For visual monitoring of a facility, the use of IP video surveillance is relatively new to the market and is gaining wide acceptance. In a typical IP-based system, network cameras are connected directly to the LAN and transport digital video across the IP network via UTP cabling and switches, recording video to any PC or server on the network.

Attendees learned about digital video recorders (DVR), which store images on a hard drive rather than on videotape. In this tutorial, attendees were told how to properly size the hard drive serving the video monitoring system.

Wireless. Municipalities are continuing their push to provide high-speed wireless services to government and citizens. These agencies are deploying mobile and fixed wireless broadband networks to connect government buildings, municipal vehicles, traffic signals, and video cameras, thus providing efficiencies and reducing telecommunications expenditures.

Attendees learned how some health care facilities are widely deploying wireless systems to bring patient care records to a doctor and nurse at a bedside. In addition, IT functions in a medical facility can also be intimately tied to clinical decision support tools, thus achieving customized care that could facilitate longer remissions and better monitoring of ongoing medical conditions. The presenter noted that health care facilities, unlike others, are positioned to benefit the most from multiple wireless systems within the facility.

Site analysis is needed to properly locate the access points for adequate coverage, since the wireless access points are simply extensions of a properly designed structured wiring system in a building or outdoor area.

One presenter discussed the relationship between WI-FI, in-building cellular phone coverage, and RFID inventory tagging systems.

Having local service and support that is knowledgeable about an IP telephone system, along with power and cooling protection, is critical, since existing IT network protection may not be adequate for an IP telephone system. Equipment also plays a role in making repairs easier. For instance, a maintenance bypass switch for the UPS lets service personnel work on the UPS without a shutdown of the IP telephone gear.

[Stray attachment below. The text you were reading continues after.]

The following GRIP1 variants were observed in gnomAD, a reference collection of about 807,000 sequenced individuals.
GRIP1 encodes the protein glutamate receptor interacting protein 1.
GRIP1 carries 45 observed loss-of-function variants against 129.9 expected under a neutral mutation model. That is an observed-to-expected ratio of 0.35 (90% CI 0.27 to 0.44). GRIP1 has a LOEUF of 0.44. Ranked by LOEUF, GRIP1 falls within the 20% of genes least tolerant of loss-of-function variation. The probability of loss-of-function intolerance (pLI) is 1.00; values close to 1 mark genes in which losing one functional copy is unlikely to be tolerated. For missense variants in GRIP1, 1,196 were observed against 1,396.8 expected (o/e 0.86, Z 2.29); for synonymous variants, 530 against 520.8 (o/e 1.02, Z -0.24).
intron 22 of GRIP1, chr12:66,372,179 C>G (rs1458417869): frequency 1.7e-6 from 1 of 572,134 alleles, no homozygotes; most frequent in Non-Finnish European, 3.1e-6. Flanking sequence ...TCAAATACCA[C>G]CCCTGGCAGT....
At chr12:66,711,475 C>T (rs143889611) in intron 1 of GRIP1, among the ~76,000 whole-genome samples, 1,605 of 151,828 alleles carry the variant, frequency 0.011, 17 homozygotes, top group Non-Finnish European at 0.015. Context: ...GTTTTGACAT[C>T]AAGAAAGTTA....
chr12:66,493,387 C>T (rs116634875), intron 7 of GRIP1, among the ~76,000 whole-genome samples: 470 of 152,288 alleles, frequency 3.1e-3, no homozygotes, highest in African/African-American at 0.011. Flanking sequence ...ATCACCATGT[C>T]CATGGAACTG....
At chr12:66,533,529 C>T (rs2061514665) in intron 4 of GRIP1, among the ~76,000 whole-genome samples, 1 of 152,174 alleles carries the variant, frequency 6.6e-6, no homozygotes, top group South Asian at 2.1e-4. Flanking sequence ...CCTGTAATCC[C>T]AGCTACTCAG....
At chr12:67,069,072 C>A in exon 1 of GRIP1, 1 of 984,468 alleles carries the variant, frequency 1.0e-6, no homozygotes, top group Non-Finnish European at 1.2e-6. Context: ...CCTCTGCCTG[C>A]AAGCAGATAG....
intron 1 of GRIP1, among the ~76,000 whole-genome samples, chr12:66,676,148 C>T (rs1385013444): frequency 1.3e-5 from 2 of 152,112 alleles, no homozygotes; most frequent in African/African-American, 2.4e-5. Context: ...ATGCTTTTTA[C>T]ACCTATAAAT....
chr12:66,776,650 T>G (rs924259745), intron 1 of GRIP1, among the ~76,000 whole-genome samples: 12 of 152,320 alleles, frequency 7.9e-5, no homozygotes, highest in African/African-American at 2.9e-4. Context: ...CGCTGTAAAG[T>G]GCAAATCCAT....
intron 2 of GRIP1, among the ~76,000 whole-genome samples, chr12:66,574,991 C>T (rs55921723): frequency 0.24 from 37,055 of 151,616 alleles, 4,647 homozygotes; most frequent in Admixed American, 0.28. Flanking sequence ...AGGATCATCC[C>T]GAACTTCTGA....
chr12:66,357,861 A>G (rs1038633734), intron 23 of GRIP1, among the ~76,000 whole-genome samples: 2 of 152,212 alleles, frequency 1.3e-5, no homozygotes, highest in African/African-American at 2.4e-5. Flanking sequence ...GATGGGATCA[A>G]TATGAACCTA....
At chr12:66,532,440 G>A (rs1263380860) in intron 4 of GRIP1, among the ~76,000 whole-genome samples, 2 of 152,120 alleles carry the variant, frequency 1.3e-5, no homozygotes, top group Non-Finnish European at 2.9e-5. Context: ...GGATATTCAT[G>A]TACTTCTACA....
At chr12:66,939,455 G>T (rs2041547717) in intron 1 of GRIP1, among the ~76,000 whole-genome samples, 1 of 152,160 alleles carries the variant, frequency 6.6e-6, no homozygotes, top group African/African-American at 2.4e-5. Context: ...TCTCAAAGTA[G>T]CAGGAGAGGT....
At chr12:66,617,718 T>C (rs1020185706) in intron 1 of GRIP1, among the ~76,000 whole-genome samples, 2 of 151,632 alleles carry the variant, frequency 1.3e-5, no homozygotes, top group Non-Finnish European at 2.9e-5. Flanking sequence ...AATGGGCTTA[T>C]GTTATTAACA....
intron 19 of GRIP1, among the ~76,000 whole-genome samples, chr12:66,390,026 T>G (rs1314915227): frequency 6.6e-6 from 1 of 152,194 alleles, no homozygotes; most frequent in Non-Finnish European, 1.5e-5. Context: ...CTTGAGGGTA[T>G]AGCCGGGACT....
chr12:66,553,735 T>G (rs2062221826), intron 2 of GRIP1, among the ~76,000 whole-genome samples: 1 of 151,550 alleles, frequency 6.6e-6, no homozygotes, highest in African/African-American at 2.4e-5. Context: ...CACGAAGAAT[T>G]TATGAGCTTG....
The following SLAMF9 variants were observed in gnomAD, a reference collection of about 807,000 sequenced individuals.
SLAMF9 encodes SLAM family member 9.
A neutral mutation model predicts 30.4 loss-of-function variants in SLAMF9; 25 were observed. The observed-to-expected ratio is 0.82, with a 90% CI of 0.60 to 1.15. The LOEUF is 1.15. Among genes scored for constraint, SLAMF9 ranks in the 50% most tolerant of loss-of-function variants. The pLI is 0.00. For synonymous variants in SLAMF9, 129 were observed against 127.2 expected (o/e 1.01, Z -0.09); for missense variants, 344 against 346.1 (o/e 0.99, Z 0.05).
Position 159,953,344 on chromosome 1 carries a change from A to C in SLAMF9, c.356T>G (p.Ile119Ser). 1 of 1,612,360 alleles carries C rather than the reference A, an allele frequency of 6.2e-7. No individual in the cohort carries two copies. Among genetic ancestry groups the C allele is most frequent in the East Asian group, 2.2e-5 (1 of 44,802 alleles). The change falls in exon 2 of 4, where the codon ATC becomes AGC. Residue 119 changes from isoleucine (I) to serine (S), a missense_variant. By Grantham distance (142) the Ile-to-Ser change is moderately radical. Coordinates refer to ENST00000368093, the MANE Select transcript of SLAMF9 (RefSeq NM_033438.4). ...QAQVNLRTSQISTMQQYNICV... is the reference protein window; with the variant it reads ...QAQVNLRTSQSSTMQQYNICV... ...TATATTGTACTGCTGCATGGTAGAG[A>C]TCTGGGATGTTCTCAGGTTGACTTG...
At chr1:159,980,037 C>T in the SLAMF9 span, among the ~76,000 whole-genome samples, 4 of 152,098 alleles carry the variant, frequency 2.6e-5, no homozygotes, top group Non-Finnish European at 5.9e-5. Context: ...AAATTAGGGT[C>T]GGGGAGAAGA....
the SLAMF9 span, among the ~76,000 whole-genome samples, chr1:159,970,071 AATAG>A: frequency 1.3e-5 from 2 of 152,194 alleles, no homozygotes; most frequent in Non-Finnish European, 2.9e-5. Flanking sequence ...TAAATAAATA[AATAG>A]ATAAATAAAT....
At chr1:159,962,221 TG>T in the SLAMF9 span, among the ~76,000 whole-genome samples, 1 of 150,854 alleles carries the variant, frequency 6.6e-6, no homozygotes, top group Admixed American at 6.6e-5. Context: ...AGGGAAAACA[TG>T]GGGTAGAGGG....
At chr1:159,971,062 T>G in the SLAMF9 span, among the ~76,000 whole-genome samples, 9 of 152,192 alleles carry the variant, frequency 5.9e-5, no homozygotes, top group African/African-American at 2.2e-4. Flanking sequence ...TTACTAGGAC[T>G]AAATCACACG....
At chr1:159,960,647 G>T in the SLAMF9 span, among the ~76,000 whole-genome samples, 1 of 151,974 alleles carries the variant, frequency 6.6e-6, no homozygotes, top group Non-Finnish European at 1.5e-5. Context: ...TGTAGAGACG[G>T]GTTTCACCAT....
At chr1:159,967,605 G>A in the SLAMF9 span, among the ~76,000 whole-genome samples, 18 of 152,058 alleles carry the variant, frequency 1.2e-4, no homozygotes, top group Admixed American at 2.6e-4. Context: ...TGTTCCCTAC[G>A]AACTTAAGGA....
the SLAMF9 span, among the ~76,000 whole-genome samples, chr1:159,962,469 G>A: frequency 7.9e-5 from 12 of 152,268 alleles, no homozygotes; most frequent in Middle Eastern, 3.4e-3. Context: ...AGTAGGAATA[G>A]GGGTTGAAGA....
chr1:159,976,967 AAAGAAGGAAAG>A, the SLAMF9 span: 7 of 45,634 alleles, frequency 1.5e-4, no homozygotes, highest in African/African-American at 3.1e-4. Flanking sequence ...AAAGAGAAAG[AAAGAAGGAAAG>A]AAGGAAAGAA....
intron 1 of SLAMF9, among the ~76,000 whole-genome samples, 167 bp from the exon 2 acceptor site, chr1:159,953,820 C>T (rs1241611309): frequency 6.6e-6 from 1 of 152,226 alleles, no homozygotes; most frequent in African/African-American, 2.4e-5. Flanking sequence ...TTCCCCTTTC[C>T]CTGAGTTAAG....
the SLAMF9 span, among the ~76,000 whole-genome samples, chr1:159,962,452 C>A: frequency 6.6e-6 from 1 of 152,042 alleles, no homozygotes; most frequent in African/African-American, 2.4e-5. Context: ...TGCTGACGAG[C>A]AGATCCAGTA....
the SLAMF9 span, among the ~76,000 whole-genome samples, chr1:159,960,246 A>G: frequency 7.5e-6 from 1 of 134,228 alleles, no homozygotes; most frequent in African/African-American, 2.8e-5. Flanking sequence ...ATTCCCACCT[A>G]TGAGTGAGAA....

Understanding the IEEE 802.3af standard for Power over Ethernet (POE) was also a major topic in the section of the workshop. PoE refers to the ability to power network devices over the existing data wiring, eliminating the need for an external power supply for each device. With PoE, devices such as wireless access points, IP telephones, IP security cameras, and other terminals can receive power from the existing installed cable without any change to the cabling system.

Although initially developed for the Voice over Internet Protocol (VoIP or Internet Phone), the standard was expanded to accommodate other devices, with the wireless access point being a major user.

Under the standard, PoE injects balanced currents into two of the four cable pairs. A PoE-powered switch inserts power on the pairs that carry data (pins 1-2 and 3-6). A midspan device places power on the normally unused pairs (pins 4-5 and 7-8).

Diverse business management. This track consisted of a number of related subjects, including: understanding how to apply the National Electrical Code; use of the ANSI/TIA/EIA-606-A standard pertaining to the labeling of a structured cabling system; understanding three types of physical outside plant designs, along with their application and components; the tools and techniques of project management in various segments of the telecommunications industry; and securing an SBA loan.

Something for everyone. From facility owners to electrical contractors to architects to consultants, the Link Workshops offered exclusive information on a variety of topics. By allowing attendees to mix and match sessions, creating their own specialized schedule of education, the event offered practical, hands-on information that could be applied immediately once participants returned back to work. In addition, the exhibits gave them the opportunity to network with professionals from all over the world, ranging from manufacturers to practitioners to end-users. The Link Workshops also fulfilled the conference/workshops attendance requirement for RCDD renewal — providing 15 continuing education credits (CECs) to all RCDDs in attendance.